Market researchers forecast strong growth for the global microelectromechanical (MEMS) microphone market over the next several years, thanks in part to high quality audio requirements for handsets and tablets, the biggest consumers of the tiny devices. The biggest buyers of MEMS microphones are Apple and Samsung, according to IHS Technology, which forecasts the market to grow 24 percent in 2014 to reach $1.04 billion, up from $836.9 million in 2013.
Market analysts expect strong growth to continue over the next several years. IHS projects revenue to reach $1.37 billion by 2017, with a five-year compound annual growth rate (CAGR) of 18 percent from 2012 to 2017. This translates into 5.4 billion unit shipments in 2017, up from 1.9 billion in 2012.
Similarly, Yole Développement expects a CAGR of 13 percent, increasing from $785 million in 2013 to $1.65 billion by 2019. Shipments are projected to grow from 2.4 billion in 2013 to 6.6 billion units in 2019.
Despite the differences in growth rates and unit shipment projections, both market researchers would agree that smartphones have been a major driver behind the growing requirements for MEMS microphones. In some instances, smartphones are using three microphones for voice capture (1), noise cancellation (1 or 2), and voice recognition improvement (1), according to Yole.
"The huge worldwide adoption of smartphones, each using more than one MEMS microphone, creates the wide integration and rocketing growth of the MEMS microphone market," according to Yole's MEMS Microphone Market, Applications & Business Trends report. (Click reports for more info.)
"Two of the main measures for MEMS microphone quality are signal-to-noise ratio (SNR) and the maximum sound-pressure level (SPL)," according IHS' “MEMS and Sensors Report – Microphones – 2014.” "These define the lowest and highest sound levels, respectively—or dynamic range—that can be gauged by a microphone with a linear response."
“Especially in an age in which devices are increasingly uniform, sound can be a real and important differentiator, in features such as voice command or crystal-clear audio in high-definition video—qualities that are possible only through high-performance MEMS microphones, said Marwan Boustany, senior analyst for MEMS & sensors at IHS, in a statement.
SNR and SPL apply to both analog and digital MEMS microphones and are used to rank microphone quality, according to Boustany. The highest performing devices are very-high-SNR microphones that feature a signal-to-noise ratio level of greater than, or equal to, 64 decibels.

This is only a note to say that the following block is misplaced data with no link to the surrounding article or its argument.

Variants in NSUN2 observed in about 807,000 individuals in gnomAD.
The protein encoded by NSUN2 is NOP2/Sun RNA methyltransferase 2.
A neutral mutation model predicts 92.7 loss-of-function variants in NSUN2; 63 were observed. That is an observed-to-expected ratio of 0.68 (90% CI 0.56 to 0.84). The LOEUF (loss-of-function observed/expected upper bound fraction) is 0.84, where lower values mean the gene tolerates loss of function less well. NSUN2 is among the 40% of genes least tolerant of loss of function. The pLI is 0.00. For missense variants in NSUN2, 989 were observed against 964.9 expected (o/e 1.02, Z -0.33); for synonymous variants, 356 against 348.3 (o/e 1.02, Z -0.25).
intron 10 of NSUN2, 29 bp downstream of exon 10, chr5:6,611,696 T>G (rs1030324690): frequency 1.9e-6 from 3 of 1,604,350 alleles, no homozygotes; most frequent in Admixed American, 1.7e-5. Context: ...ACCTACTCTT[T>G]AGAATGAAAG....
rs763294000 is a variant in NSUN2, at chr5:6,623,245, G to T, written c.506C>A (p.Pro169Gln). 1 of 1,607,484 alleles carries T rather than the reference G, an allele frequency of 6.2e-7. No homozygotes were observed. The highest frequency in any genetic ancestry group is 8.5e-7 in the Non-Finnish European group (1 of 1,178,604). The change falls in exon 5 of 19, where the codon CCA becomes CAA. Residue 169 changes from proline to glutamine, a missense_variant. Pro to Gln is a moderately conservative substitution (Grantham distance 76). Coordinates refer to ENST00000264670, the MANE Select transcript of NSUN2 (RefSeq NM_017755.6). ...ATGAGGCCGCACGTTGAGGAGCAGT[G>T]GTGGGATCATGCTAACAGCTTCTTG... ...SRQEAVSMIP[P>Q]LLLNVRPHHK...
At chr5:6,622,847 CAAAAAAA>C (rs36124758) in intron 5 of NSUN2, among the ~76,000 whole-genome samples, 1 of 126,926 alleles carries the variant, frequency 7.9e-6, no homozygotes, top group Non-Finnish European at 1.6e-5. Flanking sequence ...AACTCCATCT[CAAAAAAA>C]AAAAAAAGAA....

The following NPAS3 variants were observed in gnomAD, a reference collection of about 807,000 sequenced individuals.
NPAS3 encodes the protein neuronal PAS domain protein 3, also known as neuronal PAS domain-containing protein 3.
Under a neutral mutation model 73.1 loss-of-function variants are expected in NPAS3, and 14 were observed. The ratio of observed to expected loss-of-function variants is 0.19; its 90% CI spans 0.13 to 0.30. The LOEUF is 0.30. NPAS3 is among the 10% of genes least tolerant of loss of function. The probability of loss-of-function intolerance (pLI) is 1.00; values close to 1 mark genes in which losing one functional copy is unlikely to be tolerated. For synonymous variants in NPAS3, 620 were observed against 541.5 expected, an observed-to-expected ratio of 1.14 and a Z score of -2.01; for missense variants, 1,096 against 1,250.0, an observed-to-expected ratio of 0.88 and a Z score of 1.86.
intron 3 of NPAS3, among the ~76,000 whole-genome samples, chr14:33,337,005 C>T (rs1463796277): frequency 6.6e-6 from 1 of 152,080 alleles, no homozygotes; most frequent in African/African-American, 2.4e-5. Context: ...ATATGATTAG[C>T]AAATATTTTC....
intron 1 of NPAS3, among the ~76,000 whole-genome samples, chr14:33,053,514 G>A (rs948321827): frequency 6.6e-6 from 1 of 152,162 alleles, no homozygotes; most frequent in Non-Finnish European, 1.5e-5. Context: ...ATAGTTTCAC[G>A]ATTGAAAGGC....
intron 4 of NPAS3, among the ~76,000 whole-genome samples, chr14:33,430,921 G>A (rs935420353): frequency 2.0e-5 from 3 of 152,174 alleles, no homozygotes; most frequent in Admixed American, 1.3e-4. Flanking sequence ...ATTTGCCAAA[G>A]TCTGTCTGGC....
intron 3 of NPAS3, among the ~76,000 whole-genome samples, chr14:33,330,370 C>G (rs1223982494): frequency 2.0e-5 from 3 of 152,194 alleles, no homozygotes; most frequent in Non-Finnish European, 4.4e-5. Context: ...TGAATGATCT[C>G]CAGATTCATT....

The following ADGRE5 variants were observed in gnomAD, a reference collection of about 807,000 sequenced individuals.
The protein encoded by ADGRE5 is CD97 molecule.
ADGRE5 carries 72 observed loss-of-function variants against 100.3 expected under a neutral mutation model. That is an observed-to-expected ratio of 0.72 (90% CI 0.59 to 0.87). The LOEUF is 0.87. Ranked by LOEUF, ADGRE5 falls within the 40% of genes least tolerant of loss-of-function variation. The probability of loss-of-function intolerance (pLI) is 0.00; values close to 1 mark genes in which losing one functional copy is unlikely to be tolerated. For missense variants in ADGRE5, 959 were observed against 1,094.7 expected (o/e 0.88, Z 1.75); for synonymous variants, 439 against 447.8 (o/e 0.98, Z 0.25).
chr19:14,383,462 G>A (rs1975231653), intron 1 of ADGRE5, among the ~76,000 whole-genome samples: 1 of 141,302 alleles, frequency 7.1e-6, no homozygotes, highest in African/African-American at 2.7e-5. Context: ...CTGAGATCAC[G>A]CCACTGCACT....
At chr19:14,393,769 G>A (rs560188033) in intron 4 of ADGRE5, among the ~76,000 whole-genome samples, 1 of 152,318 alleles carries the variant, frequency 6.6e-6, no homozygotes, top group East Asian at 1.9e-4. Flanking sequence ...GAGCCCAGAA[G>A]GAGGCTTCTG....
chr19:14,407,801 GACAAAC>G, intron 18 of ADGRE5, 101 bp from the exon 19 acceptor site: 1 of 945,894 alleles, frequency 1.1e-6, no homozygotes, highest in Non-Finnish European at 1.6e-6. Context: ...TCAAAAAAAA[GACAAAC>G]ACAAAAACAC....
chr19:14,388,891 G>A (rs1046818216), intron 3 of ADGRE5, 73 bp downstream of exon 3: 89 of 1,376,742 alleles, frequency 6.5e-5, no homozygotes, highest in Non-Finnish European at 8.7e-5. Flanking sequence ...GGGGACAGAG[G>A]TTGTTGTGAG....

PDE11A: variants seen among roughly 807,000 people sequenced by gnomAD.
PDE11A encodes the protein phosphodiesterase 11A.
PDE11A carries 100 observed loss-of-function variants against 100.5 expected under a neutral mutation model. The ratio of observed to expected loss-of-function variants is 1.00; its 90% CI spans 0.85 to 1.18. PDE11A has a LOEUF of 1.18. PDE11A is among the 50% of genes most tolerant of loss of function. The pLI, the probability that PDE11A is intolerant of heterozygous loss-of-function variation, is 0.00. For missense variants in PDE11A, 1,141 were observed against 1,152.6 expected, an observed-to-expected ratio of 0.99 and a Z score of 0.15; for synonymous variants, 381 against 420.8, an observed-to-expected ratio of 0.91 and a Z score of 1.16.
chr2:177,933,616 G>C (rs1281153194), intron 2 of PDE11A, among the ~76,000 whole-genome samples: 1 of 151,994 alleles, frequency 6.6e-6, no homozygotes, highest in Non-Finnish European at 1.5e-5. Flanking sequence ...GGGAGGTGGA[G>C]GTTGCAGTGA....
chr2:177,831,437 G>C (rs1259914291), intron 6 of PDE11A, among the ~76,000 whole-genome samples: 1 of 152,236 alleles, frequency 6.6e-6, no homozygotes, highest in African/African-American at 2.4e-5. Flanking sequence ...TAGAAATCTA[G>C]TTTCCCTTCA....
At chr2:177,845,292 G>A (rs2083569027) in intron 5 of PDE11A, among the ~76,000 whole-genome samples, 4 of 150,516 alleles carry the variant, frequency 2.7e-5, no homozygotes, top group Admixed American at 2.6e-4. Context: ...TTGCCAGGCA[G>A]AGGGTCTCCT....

IHS expects these very-high-SNR microphones to have the greatest growth over the next several years, estimated at a 40 percent CAGR from 2012 to 2017. In 2013, Apple and Samsung made up 96 percent of the revenue for these devices.
One of the most recent introductions in the high-performance segment is Akustica's (a Bosch Group company) new AKU346 line-up of four analog microphones that achieve 64db SNR in a small 6mm2 footprint, aimed at smartphones and wearable devices. In addition to the small size and high SNR, the HD voice microphones feature tight sensitivity matching, and a super-wideband frequency response to improve intelligibility and speech-recognition accuracy.
The new device meets a need for consumer-electronic device manufacturers that incorporate more than one microphone along with noise suppression algorithms into their devices, said Akustica. "These algorithms generally rely on well-matched, high-performance microphones for optimization of noise cancellation and speech recognition accuracy." Samples are available for lead customers with mass production planned for Q2 2014.
“The need for the highest-performing multi-microphone solutions is growing rapidly in the smartphone market, where the average number of microphones per phone has been steadily increasing for the last few years,” said Jérémie Bouchaud, director and senior principal analyst, MEMS & Sensors, IHS, in a statement. “Today, the use of two microphones has become a standard feature for smartphones. Higher-end phones can have upwards of four microphones, further increasing the need for high SNR and tighter sensitivity matching like that provided by Akustica’ s new microphones.”
While MEMS microphones were used the most in handsets and tablets last year, market researchers expect future growth from several other existing and emerging sectors including hearing aids, automotive, Internet of things (IoT), wearable electronics, and other "smart" applications including smart watches and smart buildings.